Friday, March 27, 2009

Philosophy of Orchestration (part 1)

I had a lot of fun gearing up a for a little presentation I did today at Southeastern Baptist Theological Seminary's orchestration class. The professor, Joshua Waggener, asked me to give some perspectives of "real world" church orchestration and techniques for writing for rhythm sections.

I blew it all out in a matter of fifty minutes. So much to say, so little time. Those poor students.

The following represents the beginning of some things we discussed related to orchestration and your orchestra. The context was specifically church orchestration since that is generally the orientation of the music program at SEBTS.

The first question to ask yourself when considering orchestrating a hymn, chorus, or other song for your church orchestra:

Does the song need an orchestration?

Here I could write almost an entire blog post in response to this question. (in fact, it turned into one!) As music staff we probably don't wrestle with a bigger question: just because the orchestra is sitting there, does that mean they should play? Or asked another way: What is a reasonable amount of material to expect an orchestra to play on?

The tension here lies in the "worth it" factor. If you have three services in the morning, as we do at Providence, is it wise to ask your orchestra volunteers to come and make themselves available for all three services in order to accompany one anthem and a hymn? As servants, we would say, yes, they should be happy to come in and play only the refrain of just one hymn and be glad they got a chance to serve.

A steady diet of this, however would strongly affect their morale and before long, there would be very little orchestra left for whom to orchestrate!

The flip side of this coin, and frankly the side we error on more than the other, is to make a programming decision based on the fact that the orchestra is scheduled to play. An observer might perceive this as the tail wagging the dog. Honestly, this is sometimes the case as we occasionally are forced to change what we felt was an already strong service plan in terms of flow in order to satisfy the "worth it" factor for the orchestra volunteers.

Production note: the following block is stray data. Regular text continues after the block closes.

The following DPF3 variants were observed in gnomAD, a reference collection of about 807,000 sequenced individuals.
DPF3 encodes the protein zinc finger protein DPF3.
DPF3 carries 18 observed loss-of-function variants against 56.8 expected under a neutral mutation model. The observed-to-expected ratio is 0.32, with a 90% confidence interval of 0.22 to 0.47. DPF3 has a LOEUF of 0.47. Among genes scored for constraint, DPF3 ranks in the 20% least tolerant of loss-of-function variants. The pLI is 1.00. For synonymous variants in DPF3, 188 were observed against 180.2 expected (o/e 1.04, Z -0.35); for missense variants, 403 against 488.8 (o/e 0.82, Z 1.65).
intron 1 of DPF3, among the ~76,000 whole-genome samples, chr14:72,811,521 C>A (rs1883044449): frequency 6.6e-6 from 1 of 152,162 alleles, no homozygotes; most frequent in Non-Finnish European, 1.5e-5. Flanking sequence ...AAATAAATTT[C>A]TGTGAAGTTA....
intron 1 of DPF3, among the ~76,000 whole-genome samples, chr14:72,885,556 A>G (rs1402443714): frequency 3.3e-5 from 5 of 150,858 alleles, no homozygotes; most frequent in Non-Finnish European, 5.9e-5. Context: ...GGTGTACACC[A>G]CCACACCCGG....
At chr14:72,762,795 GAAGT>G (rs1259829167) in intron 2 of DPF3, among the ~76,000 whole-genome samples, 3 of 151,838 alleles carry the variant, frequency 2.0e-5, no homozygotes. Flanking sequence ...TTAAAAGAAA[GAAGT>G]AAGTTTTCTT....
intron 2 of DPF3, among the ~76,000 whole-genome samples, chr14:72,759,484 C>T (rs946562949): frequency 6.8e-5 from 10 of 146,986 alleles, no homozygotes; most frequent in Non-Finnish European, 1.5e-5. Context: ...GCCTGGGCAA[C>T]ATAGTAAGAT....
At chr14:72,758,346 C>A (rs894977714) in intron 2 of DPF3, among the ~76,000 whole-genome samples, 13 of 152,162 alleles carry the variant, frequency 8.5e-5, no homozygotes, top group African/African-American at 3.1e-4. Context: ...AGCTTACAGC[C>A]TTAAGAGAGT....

Being forced to make decisions like the one above is wrought by everything from bad planning on our part to an overall lack of quality arrangements available to us. Sometimes, however we are blindsided by another factor: partial orchestrations.

On a day in which the entire orchestra is scheduled, we may plan a service and congratulate ourselves on how frequently we managed to involve the orchestra. Upon closer examination, however, we realize that on song A, B, and D, only the strings play, while on songs C, and E, only the brass play, and on song F, the lone orchestrated hymn selection, the woodwinds get to play.

Planning well requires answering the original question: Does the song NEED an orchestration? If it is decided a song could be enhanced by an orchestration (another subjective decision), the project needs to be set into motion weeks in advance of the service, not only for the sake of the arranger, but for the sake of rehearsal.

But let me just be clear about this one thing: Some songs in the pop world, Christian or secular or not bettered by the finest orchestration. Some band-led songs often need to stay that way. Any attempted horn lick or string line can diminish the pathos of the song in it's original state and derail the emotive qualities of a song. Again, a subjective call, perhaps, but would we really want to try to add to All the Saints Join In, or This is Who I Am? Great skill would be required both by the arranger and by the performer!

Upon answering the question in the affirmative regarding the need for an orchestration, we have several more to answer. (Stay tuned)